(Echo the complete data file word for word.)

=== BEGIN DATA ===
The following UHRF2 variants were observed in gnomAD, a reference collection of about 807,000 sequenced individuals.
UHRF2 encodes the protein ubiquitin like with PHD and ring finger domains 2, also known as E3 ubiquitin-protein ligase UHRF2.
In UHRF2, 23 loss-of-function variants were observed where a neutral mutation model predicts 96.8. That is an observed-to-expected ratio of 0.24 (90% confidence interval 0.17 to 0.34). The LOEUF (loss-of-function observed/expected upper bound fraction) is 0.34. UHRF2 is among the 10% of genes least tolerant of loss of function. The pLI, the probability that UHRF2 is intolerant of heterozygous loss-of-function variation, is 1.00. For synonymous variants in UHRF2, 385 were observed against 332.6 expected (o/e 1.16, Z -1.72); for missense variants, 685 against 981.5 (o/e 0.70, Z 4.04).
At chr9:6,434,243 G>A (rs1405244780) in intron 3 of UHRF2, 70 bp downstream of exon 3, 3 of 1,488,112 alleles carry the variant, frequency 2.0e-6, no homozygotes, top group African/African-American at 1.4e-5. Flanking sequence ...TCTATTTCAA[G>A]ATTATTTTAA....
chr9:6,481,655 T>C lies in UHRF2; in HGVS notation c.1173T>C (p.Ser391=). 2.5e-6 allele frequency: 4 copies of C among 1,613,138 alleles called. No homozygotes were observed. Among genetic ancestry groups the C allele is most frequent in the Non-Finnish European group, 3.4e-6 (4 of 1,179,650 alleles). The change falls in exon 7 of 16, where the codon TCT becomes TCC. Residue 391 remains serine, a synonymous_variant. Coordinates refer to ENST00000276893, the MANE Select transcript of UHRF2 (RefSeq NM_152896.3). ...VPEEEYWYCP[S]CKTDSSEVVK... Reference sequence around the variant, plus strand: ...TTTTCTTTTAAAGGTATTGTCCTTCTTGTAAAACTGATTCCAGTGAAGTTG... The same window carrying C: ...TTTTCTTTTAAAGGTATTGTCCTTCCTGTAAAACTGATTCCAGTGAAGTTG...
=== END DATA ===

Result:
The following UHRF2 variants were observed in gnomAD, a reference collection of about 807,000 sequenced individuals.
UHRF2 encodes the protein ubiquitin like with PHD and ring finger domains 2, also known as E3 ubiquitin-protein ligase UHRF2.
In UHRF2, 23 loss-of-function variants were observed where a neutral mutation model predicts 96.8. That is an observed-to-expected ratio of 0.24 (90% confidence interval 0.17 to 0.34). The LOEUF (loss-of-function observed/expected upper bound fraction) is 0.34. UHRF2 is among the 10% of genes least tolerant of loss of function. The pLI, the probability that UHRF2 is intolerant of heterozygous loss-of-function variation, is 1.00. For synonymous variants in UHRF2, 385 were observed against 332.6 expected (o/e 1.16, Z -1.72); for missense variants, 685 against 981.5 (o/e 0.70, Z 4.04).
At chr9:6,434,243 G>A (rs1405244780) in intron 3 of UHRF2, 70 bp downstream of exon 3, 3 of 1,488,112 alleles carry the variant, frequency 2.0e-6, no homozygotes, top group African/African-American at 1.4e-5. Flanking sequence ...TCTATTTCAA[G>A]ATTATTTTAA....
chr9:6,481,655 T>C lies in UHRF2; in HGVS notation c.1173T>C (p.Ser391=). 2.5e-6 allele frequency: 4 copies of C among 1,613,138 alleles called. No homozygotes were observed. Among genetic ancestry groups the C allele is most frequent in the Non-Finnish European group, 3.4e-6 (4 of 1,179,650 alleles). The change falls in exon 7 of 16, where the codon TCT becomes TCC. Residue 391 remains serine, a synonymous_variant. Coordinates refer to ENST00000276893, the MANE Select transcript of UHRF2 (RefSeq NM_152896.3). ...VPEEEYWYCP[S]CKTDSSEVVK... Reference sequence around the variant, plus strand: ...TTTTCTTTTAAAGGTATTGTCCTTCTTGTAAAACTGATTCCAGTGAAGTTG... The same window carrying C: ...TTTTCTTTTAAAGGTATTGTCCTTCCTGTAAAACTGATTCCAGTGAAGTTG...